The authors provide an excellent review of the management of locally advanced NSCLC. The treatment options for this cancer have rapidly changed from radiation alone to sequential chemoradiation, concomitant chemoradiation therapy, hyperfractionated radiation, continuous hyperfractionated accelerated radiotherapy, and hyperfractionated accelerated radiotherapy. Although all of these treatment options provide some benefit over radiation therapy alone, the best overall treatment strategy remains unclear.

Unfortunately, Gordon and Vokes do not offer their own clear view of future strategies for improving the survival of patients with locally advanced NSCLC. I do agree with the authors about the need for patient participation in ongoing clinical trials to determine the best treatment approaches for this disease.


1. Jeremic B, Shibamoto Y, Acimovic L, et al: Randomized trial of hyperfractionated radiation therapy with or without concurrent chemotherapy for stage III non-small-cell lung cancer. J Clin Oncol 13:452-458, 1995.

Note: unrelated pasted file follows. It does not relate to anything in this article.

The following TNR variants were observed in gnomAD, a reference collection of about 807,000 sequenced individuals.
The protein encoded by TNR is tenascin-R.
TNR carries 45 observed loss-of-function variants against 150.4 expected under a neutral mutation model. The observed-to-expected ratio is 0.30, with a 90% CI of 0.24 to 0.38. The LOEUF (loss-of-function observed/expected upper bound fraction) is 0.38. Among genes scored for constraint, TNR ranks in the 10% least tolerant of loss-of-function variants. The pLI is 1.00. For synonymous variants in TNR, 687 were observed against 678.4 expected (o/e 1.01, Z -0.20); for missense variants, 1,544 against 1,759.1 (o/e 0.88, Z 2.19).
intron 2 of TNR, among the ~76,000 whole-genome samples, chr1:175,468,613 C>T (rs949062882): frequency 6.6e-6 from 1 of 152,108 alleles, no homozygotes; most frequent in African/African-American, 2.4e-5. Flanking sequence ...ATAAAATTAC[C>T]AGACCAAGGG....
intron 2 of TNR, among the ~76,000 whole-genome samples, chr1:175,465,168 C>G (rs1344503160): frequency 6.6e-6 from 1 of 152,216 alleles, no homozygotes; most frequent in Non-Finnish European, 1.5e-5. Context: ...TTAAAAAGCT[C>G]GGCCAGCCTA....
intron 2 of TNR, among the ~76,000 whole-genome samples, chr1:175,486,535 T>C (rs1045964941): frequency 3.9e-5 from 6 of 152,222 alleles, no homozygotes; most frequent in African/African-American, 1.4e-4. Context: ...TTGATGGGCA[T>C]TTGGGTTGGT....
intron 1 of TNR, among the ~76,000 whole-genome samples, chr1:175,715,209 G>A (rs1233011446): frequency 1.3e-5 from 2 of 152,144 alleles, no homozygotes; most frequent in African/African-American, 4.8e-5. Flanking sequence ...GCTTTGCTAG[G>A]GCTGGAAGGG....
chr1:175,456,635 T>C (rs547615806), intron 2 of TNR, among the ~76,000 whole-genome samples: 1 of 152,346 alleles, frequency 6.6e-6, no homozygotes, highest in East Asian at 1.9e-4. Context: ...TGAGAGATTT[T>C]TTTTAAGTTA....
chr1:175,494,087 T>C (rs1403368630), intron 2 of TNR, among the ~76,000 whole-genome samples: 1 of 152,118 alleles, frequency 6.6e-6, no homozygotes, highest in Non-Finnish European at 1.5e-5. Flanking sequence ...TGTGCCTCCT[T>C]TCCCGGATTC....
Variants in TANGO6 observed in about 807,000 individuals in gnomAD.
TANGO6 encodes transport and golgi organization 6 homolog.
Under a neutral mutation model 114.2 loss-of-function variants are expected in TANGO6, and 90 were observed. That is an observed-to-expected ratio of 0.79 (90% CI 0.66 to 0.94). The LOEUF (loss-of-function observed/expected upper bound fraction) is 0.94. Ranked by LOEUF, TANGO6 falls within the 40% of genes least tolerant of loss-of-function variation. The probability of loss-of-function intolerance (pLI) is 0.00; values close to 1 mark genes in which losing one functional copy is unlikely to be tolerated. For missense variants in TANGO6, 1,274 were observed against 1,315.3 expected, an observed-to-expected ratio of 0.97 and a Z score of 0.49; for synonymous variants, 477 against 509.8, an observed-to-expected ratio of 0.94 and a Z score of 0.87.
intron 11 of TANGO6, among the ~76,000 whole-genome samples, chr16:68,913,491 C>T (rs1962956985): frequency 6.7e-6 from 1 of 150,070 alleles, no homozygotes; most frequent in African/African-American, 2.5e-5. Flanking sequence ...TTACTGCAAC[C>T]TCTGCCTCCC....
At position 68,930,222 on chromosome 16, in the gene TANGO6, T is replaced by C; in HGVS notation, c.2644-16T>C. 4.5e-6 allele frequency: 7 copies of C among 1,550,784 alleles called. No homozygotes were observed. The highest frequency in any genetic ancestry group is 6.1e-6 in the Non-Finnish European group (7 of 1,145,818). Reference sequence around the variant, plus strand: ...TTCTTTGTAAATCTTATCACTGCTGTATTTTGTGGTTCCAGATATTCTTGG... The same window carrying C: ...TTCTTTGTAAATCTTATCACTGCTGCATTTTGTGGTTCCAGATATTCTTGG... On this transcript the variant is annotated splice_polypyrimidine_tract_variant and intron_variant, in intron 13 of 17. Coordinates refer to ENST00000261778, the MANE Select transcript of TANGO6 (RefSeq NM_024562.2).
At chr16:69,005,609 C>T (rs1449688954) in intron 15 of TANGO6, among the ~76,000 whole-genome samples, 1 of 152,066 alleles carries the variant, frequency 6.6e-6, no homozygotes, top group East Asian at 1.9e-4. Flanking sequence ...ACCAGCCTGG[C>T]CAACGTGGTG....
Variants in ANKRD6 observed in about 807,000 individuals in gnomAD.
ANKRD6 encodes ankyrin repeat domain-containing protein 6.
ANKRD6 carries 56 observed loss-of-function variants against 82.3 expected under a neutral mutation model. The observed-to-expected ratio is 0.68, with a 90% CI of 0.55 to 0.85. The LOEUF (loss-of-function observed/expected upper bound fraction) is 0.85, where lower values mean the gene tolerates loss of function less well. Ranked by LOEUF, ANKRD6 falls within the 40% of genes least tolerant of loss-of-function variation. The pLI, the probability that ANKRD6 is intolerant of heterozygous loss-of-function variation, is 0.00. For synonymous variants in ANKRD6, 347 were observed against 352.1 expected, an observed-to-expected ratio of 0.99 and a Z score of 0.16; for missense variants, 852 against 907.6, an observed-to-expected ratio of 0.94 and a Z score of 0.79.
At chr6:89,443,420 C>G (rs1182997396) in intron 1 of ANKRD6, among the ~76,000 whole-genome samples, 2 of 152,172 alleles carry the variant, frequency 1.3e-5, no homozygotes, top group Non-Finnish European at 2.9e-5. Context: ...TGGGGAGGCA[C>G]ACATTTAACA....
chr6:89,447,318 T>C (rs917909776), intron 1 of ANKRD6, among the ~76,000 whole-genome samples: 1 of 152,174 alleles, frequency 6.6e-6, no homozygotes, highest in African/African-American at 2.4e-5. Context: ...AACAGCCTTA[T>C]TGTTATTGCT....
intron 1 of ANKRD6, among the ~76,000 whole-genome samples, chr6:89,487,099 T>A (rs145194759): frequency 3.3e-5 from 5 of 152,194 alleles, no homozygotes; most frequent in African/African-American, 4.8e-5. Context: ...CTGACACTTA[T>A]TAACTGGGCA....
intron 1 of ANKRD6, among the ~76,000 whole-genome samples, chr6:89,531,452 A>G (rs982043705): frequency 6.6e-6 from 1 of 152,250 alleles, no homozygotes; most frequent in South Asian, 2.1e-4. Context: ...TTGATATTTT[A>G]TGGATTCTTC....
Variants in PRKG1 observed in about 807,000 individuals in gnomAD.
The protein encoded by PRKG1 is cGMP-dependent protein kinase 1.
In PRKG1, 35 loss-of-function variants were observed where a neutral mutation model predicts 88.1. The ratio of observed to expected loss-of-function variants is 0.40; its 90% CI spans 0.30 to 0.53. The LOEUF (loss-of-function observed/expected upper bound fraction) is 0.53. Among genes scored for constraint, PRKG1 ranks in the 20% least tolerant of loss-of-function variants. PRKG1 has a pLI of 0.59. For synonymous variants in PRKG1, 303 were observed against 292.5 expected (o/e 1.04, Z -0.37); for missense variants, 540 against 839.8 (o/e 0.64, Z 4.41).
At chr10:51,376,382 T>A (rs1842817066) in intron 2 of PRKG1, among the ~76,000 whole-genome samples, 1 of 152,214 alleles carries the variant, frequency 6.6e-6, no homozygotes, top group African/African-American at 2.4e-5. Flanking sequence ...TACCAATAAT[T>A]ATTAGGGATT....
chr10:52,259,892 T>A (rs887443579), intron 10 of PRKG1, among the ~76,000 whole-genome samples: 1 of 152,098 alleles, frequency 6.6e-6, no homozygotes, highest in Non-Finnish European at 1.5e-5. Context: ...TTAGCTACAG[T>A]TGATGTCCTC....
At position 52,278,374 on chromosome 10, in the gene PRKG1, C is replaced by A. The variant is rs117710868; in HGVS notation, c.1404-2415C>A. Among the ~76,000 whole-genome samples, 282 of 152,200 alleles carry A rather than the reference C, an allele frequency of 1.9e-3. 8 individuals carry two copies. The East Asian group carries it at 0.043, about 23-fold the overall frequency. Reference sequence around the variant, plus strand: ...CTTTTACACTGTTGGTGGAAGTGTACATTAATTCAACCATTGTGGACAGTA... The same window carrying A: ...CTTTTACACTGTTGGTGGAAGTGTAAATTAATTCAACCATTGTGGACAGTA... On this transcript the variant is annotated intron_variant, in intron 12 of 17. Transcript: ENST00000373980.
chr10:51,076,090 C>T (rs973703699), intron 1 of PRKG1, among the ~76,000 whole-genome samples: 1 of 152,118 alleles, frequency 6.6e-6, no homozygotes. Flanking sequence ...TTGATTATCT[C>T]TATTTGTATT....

2. Furuse K, Fukuoka M, Takada Y, et al: Phase III study of concurrent vs sequential thoracic radiotherapy (TRT) in combination with mitomycin (M), vindesine (V) and cisplatin (P) in unresectable stage III non-small-cell lung cancer (NSCLC): Five-year median follow-up results (abstract). Proc Am Soc Clin Oncol 18:458a, 1999.

3. Clamon G, Herndon J, Cooper R, et al: Radiosensitization with carboplatin for patients with unresectable stage III non-small-cell lung cancer: A phase III trial of the Cancer and Leukemia Group B and the Eastern Cooperative Oncology Group. J Clin Oncol 17:(1) 4-11, 1999.

4. Shyr Y, Choy H, Cmelak A, et al: Pattern of practice survey: Non-small-cell lung cancer (NSCLC) in US (abstract). Proc Am Soc Clin Oncol 18(1843):478a, 1999.